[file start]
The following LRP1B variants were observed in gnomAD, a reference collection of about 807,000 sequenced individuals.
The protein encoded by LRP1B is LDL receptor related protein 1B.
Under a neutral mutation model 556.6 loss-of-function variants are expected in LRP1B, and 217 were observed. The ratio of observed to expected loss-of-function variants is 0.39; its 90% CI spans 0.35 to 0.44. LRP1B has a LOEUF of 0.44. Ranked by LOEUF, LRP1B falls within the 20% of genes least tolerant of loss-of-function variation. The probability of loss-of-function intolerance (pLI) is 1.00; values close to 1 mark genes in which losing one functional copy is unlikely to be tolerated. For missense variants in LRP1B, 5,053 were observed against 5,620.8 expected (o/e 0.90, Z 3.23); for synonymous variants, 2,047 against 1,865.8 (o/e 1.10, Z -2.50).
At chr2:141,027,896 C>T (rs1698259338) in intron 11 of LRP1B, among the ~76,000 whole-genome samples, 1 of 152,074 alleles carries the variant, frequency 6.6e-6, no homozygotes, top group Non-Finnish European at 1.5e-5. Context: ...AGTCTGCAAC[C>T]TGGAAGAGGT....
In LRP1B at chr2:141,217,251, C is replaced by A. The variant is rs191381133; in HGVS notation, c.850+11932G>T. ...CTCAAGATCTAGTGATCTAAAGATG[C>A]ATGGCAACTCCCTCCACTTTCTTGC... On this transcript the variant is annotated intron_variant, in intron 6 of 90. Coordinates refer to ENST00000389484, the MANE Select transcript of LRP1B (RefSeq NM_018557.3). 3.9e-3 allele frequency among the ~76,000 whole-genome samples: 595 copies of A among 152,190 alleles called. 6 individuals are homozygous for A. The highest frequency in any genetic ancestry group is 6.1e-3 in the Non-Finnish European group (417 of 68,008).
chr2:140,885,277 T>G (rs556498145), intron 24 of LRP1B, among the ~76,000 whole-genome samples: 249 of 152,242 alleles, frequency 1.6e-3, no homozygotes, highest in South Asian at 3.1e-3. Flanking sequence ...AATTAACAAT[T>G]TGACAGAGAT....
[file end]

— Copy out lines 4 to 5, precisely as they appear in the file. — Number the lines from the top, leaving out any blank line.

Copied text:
At chr2:141,027,896 C>T (rs1698259338) in intron 11 of LRP1B, among the ~76,000 whole-genome samples, 1 of 152,074 alleles carries the variant, frequency 6.6e-6, no homozygotes, top group Non-Finnish European at 1.5e-5. Context: ...AGTCTGCAAC[C>T]TGGAAGAGGT....
In LRP1B at chr2:141,217,251, C is replaced by A. The variant is rs191381133; in HGVS notation, c.850+11932G>T. ...CTCAAGATCTAGTGATCTAAAGATG[C>A]ATGGCAACTCCCTCCACTTTCTTGC... On this transcript the variant is annotated intron_variant, in intron 6 of 90. Coordinates refer to ENST00000389484, the MANE Select transcript of LRP1B (RefSeq NM_018557.3). 3.9e-3 allele frequency among the ~76,000 whole-genome samples: 595 copies of A among 152,190 alleles called. 6 individuals are homozygous for A. The highest frequency in any genetic ancestry group is 6.1e-3 in the Non-Finnish European group (417 of 68,008).